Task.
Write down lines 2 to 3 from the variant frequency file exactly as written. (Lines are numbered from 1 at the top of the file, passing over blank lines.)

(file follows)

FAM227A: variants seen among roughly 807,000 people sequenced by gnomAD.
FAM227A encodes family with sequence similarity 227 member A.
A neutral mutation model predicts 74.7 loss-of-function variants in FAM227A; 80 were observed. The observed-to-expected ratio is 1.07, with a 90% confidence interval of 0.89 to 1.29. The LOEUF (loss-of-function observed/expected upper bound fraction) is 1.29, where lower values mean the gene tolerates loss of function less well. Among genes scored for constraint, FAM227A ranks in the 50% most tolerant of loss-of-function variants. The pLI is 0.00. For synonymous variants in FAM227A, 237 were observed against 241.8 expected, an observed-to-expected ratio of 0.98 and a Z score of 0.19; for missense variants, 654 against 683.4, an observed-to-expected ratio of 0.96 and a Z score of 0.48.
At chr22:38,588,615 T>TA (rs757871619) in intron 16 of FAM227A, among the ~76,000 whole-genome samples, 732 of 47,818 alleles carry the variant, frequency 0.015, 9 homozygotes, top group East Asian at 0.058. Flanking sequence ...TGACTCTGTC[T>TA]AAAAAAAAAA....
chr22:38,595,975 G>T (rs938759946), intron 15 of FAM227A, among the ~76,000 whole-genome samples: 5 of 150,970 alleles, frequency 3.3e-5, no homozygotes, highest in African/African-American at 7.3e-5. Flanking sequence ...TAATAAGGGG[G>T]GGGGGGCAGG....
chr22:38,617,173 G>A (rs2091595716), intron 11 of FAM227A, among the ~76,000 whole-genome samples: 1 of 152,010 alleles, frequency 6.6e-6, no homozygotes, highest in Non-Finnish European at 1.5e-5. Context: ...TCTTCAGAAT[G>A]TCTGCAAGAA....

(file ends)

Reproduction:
FAM227A encodes family with sequence similarity 227 member A.
A neutral mutation model predicts 74.7 loss-of-function variants in FAM227A; 80 were observed. The observed-to-expected ratio is 1.07, with a 90% confidence interval of 0.89 to 1.29. The LOEUF (loss-of-function observed/expected upper bound fraction) is 1.29, where lower values mean the gene tolerates loss of function less well. Among genes scored for constraint, FAM227A ranks in the 50% most tolerant of loss-of-function variants. The pLI is 0.00. For synonymous variants in FAM227A, 237 were observed against 241.8 expected, an observed-to-expected ratio of 0.98 and a Z score of 0.19; for missense variants, 654 against 683.4, an observed-to-expected ratio of 0.96 and a Z score of 0.48.